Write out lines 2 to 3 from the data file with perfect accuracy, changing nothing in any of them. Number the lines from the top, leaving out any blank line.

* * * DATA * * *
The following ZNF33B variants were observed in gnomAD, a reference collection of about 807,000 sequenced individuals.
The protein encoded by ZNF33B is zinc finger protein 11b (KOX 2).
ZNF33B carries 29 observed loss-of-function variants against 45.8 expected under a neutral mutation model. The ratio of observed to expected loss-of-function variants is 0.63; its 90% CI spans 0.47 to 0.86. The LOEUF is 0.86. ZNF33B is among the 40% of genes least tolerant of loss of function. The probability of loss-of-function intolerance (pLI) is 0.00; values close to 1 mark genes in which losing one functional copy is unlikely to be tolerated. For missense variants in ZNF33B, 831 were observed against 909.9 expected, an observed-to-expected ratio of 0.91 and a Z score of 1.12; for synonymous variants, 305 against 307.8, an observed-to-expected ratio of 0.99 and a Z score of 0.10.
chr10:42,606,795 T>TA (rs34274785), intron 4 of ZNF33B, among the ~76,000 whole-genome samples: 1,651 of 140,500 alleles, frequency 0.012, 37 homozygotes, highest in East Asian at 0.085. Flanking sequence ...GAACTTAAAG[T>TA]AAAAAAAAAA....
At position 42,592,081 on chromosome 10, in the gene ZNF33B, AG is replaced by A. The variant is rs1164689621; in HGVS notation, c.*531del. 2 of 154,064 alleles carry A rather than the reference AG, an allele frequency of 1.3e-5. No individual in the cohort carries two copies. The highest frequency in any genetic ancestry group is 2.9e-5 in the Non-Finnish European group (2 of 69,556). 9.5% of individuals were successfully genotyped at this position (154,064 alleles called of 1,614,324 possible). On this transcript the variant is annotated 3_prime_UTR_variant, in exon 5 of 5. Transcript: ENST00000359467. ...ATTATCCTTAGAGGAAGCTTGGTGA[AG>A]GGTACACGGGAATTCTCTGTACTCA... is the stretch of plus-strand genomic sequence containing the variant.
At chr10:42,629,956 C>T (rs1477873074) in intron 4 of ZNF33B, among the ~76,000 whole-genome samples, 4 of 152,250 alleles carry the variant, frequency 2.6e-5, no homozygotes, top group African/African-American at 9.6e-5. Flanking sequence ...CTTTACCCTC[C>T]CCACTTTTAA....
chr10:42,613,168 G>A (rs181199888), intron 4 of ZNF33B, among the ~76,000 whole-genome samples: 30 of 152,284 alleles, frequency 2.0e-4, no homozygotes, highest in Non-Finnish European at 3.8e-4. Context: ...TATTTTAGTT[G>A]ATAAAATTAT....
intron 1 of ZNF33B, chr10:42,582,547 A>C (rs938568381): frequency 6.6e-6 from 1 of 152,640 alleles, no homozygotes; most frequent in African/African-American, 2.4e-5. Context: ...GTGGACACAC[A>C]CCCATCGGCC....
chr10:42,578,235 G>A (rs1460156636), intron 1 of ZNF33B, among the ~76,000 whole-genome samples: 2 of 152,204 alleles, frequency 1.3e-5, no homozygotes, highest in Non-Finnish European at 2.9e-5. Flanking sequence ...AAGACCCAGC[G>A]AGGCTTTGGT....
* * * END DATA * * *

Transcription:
The protein encoded by ZNF33B is zinc finger protein 11b (KOX 2).
ZNF33B carries 29 observed loss-of-function variants against 45.8 expected under a neutral mutation model. The ratio of observed to expected loss-of-function variants is 0.63; its 90% CI spans 0.47 to 0.86. The LOEUF is 0.86. ZNF33B is among the 40% of genes least tolerant of loss of function. The probability of loss-of-function intolerance (pLI) is 0.00; values close to 1 mark genes in which losing one functional copy is unlikely to be tolerated. For missense variants in ZNF33B, 831 were observed against 909.9 expected, an observed-to-expected ratio of 0.91 and a Z score of 1.12; for synonymous variants, 305 against 307.8, an observed-to-expected ratio of 0.99 and a Z score of 0.10.